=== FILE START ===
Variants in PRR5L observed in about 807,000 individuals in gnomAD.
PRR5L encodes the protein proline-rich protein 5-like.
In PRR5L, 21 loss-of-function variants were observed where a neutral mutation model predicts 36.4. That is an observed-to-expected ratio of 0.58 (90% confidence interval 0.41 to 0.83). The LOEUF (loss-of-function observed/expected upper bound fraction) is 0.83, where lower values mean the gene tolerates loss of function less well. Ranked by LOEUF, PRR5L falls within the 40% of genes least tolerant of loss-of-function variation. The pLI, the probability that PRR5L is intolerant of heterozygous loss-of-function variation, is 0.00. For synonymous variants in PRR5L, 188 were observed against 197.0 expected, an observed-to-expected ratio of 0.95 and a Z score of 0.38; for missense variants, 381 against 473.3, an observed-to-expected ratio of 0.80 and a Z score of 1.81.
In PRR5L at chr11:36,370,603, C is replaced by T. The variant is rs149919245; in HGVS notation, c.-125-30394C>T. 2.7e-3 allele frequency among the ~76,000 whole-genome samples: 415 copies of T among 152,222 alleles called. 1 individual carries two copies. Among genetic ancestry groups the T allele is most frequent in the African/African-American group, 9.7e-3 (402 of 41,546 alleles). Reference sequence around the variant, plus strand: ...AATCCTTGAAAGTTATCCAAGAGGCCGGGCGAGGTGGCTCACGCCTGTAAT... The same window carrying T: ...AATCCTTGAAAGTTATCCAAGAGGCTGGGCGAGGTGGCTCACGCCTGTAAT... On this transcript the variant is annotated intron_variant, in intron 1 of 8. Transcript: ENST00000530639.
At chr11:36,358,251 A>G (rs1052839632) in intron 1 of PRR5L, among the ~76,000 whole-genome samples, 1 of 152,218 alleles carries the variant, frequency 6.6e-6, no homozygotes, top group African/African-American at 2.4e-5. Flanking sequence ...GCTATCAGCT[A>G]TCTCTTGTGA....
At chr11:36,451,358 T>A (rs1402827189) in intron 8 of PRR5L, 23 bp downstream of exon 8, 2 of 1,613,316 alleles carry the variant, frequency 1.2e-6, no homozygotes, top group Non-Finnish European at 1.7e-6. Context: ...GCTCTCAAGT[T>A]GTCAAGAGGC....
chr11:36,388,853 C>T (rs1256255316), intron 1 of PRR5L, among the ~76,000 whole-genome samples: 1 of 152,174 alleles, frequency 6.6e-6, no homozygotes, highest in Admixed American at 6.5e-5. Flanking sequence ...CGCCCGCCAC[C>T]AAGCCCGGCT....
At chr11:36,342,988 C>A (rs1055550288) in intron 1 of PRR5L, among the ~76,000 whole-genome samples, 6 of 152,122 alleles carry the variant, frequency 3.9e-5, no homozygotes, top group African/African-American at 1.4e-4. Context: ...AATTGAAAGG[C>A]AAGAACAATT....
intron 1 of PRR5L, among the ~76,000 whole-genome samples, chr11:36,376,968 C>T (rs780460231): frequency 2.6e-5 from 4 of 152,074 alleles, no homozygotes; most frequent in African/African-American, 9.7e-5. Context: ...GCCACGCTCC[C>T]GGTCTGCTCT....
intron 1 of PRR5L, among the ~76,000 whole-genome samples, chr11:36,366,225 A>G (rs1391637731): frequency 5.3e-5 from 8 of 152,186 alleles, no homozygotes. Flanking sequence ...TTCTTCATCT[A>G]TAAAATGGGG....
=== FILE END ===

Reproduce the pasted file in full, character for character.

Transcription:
Variants in PRR5L observed in about 807,000 individuals in gnomAD.
PRR5L encodes the protein proline-rich protein 5-like.
In PRR5L, 21 loss-of-function variants were observed where a neutral mutation model predicts 36.4. That is an observed-to-expected ratio of 0.58 (90% confidence interval 0.41 to 0.83). The LOEUF (loss-of-function observed/expected upper bound fraction) is 0.83, where lower values mean the gene tolerates loss of function less well. Ranked by LOEUF, PRR5L falls within the 40% of genes least tolerant of loss-of-function variation. The pLI, the probability that PRR5L is intolerant of heterozygous loss-of-function variation, is 0.00. For synonymous variants in PRR5L, 188 were observed against 197.0 expected, an observed-to-expected ratio of 0.95 and a Z score of 0.38; for missense variants, 381 against 473.3, an observed-to-expected ratio of 0.80 and a Z score of 1.81.
In PRR5L at chr11:36,370,603, C is replaced by T. The variant is rs149919245; in HGVS notation, c.-125-30394C>T. 2.7e-3 allele frequency among the ~76,000 whole-genome samples: 415 copies of T among 152,222 alleles called. 1 individual carries two copies. Among genetic ancestry groups the T allele is most frequent in the African/African-American group, 9.7e-3 (402 of 41,546 alleles). Reference sequence around the variant, plus strand: ...AATCCTTGAAAGTTATCCAAGAGGCCGGGCGAGGTGGCTCACGCCTGTAAT... The same window carrying T: ...AATCCTTGAAAGTTATCCAAGAGGCTGGGCGAGGTGGCTCACGCCTGTAAT... On this transcript the variant is annotated intron_variant, in intron 1 of 8. Transcript: ENST00000530639.
At chr11:36,358,251 A>G (rs1052839632) in intron 1 of PRR5L, among the ~76,000 whole-genome samples, 1 of 152,218 alleles carries the variant, frequency 6.6e-6, no homozygotes, top group African/African-American at 2.4e-5. Flanking sequence ...GCTATCAGCT[A>G]TCTCTTGTGA....
At chr11:36,451,358 T>A (rs1402827189) in intron 8 of PRR5L, 23 bp downstream of exon 8, 2 of 1,613,316 alleles carry the variant, frequency 1.2e-6, no homozygotes, top group Non-Finnish European at 1.7e-6. Context: ...GCTCTCAAGT[T>A]GTCAAGAGGC....
chr11:36,388,853 C>T (rs1256255316), intron 1 of PRR5L, among the ~76,000 whole-genome samples: 1 of 152,174 alleles, frequency 6.6e-6, no homozygotes, highest in Admixed American at 6.5e-5. Flanking sequence ...CGCCCGCCAC[C>T]AAGCCCGGCT....
At chr11:36,342,988 C>A (rs1055550288) in intron 1 of PRR5L, among the ~76,000 whole-genome samples, 6 of 152,122 alleles carry the variant, frequency 3.9e-5, no homozygotes, top group African/African-American at 1.4e-4. Context: ...AATTGAAAGG[C>A]AAGAACAATT....
intron 1 of PRR5L, among the ~76,000 whole-genome samples, chr11:36,376,968 C>T (rs780460231): frequency 2.6e-5 from 4 of 152,074 alleles, no homozygotes; most frequent in African/African-American, 9.7e-5. Context: ...GCCACGCTCC[C>T]GGTCTGCTCT....
intron 1 of PRR5L, among the ~76,000 whole-genome samples, chr11:36,366,225 A>G (rs1391637731): frequency 5.3e-5 from 8 of 152,186 alleles, no homozygotes. Flanking sequence ...TTCTTCATCT[A>G]TAAAATGGGG....